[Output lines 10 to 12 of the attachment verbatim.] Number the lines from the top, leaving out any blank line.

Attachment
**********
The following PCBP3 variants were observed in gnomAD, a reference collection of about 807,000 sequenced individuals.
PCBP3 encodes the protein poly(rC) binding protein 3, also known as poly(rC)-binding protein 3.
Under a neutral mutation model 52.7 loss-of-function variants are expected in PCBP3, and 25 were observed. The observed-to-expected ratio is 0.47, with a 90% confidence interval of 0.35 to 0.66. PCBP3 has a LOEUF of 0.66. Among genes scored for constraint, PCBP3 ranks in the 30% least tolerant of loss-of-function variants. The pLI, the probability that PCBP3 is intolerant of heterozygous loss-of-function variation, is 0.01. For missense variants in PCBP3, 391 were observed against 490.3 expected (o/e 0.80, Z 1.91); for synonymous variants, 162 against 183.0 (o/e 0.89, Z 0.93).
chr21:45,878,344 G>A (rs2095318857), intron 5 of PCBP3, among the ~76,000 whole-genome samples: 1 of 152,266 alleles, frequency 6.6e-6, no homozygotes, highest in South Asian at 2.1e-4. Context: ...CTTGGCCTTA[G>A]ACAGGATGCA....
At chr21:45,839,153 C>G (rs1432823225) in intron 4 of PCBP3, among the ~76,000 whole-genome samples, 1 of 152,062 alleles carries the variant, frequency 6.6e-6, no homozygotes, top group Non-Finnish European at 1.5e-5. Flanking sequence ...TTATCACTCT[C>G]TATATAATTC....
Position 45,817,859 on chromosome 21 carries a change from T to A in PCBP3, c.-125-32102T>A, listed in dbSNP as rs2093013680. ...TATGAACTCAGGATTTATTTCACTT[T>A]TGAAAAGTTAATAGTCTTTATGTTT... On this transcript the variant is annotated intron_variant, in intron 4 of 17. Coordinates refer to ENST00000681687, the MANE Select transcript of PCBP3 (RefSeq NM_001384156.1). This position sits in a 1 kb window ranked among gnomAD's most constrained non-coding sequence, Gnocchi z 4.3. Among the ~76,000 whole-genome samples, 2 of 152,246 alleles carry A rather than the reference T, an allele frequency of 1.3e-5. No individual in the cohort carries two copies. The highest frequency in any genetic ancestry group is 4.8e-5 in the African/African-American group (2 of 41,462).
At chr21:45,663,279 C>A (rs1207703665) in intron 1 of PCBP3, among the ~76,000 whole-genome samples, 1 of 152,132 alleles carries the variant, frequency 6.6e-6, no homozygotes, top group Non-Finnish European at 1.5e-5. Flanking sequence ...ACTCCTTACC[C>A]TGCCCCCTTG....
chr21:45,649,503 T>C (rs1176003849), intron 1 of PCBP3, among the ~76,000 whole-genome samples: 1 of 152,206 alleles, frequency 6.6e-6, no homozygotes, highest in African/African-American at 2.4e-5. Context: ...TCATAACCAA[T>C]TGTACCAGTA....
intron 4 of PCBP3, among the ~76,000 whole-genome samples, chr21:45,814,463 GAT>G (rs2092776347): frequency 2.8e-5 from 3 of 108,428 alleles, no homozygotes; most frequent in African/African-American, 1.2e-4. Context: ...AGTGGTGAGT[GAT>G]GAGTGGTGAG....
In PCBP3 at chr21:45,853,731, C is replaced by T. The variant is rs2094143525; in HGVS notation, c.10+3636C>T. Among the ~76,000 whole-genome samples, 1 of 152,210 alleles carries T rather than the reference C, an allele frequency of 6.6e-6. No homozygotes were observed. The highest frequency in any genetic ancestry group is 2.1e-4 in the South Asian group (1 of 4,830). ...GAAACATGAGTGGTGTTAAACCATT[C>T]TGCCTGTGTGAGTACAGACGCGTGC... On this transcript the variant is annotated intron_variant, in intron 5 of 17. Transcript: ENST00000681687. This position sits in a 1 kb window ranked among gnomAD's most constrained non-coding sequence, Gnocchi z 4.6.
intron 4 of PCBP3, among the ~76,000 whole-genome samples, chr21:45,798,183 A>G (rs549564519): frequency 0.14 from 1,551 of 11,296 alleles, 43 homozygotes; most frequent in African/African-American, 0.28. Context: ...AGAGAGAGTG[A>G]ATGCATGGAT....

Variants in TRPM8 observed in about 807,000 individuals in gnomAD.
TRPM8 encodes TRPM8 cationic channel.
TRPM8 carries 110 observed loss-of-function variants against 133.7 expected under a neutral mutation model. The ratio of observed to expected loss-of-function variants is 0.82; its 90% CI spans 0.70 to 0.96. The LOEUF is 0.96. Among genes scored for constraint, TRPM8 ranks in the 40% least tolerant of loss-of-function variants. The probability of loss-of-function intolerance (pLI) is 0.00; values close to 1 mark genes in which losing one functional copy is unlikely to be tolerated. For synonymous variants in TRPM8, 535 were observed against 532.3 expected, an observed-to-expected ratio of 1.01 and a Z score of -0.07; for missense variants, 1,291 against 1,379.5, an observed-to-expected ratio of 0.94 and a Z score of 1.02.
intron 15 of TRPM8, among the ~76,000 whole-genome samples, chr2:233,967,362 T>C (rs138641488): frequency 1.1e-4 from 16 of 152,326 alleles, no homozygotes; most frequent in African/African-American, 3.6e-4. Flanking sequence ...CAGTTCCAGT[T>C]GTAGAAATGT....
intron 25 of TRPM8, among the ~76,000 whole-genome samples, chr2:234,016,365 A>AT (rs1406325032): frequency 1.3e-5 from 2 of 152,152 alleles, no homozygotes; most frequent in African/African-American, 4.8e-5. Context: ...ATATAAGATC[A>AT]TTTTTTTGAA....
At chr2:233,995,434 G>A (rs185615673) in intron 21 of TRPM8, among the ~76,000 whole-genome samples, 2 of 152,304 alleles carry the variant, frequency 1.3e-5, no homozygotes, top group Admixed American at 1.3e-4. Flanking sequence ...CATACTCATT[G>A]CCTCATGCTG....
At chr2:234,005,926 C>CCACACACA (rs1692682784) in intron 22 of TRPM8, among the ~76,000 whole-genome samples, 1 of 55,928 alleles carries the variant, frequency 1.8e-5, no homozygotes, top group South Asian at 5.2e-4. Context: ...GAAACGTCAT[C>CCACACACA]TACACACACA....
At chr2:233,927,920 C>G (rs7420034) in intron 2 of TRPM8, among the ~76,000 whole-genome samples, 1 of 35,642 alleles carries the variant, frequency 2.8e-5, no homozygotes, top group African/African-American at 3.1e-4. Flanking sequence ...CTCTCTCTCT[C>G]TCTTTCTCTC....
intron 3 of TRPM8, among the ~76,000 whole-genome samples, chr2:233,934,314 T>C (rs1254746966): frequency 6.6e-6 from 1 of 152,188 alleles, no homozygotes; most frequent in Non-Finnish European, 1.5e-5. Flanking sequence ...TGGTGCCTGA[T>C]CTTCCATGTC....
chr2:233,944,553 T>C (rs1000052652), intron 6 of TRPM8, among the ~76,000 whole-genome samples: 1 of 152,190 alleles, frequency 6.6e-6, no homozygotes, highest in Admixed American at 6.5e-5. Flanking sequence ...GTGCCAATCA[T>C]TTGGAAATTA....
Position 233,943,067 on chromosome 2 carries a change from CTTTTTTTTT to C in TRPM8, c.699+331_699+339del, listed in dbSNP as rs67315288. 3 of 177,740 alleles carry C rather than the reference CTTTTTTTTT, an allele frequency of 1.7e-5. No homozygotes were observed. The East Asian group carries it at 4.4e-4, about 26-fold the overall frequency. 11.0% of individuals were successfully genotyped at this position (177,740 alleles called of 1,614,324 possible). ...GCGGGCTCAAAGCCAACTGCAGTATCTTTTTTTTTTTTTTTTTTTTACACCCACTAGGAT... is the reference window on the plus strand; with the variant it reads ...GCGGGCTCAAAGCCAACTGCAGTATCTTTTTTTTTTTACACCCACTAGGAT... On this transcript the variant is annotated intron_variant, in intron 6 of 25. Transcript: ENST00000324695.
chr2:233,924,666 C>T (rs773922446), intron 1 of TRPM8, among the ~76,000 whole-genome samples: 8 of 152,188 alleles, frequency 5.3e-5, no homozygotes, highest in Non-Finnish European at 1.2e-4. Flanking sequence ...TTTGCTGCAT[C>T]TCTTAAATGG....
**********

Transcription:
In PCBP3 at chr21:45,853,731, C is replaced by T. The variant is rs2094143525; in HGVS notation, c.10+3636C>T. Among the ~76,000 whole-genome samples, 1 of 152,210 alleles carries T rather than the reference C, an allele frequency of 6.6e-6. No homozygotes were observed. The highest frequency in any genetic ancestry group is 2.1e-4 in the South Asian group (1 of 4,830). ...GAAACATGAGTGGTGTTAAACCATT[C>T]TGCCTGTGTGAGTACAGACGCGTGC... On this transcript the variant is annotated intron_variant, in intron 5 of 17. Transcript: ENST00000681687. This position sits in a 1 kb window ranked among gnomAD's most constrained non-coding sequence, Gnocchi z 4.6.
intron 4 of PCBP3, among the ~76,000 whole-genome samples, chr21:45,798,183 A>G (rs549564519): frequency 0.14 from 1,551 of 11,296 alleles, 43 homozygotes; most frequent in African/African-American, 0.28. Context: ...AGAGAGAGTG[A>G]ATGCATGGAT....

Variants in TRPM8 observed in about 807,000 individuals in gnomAD.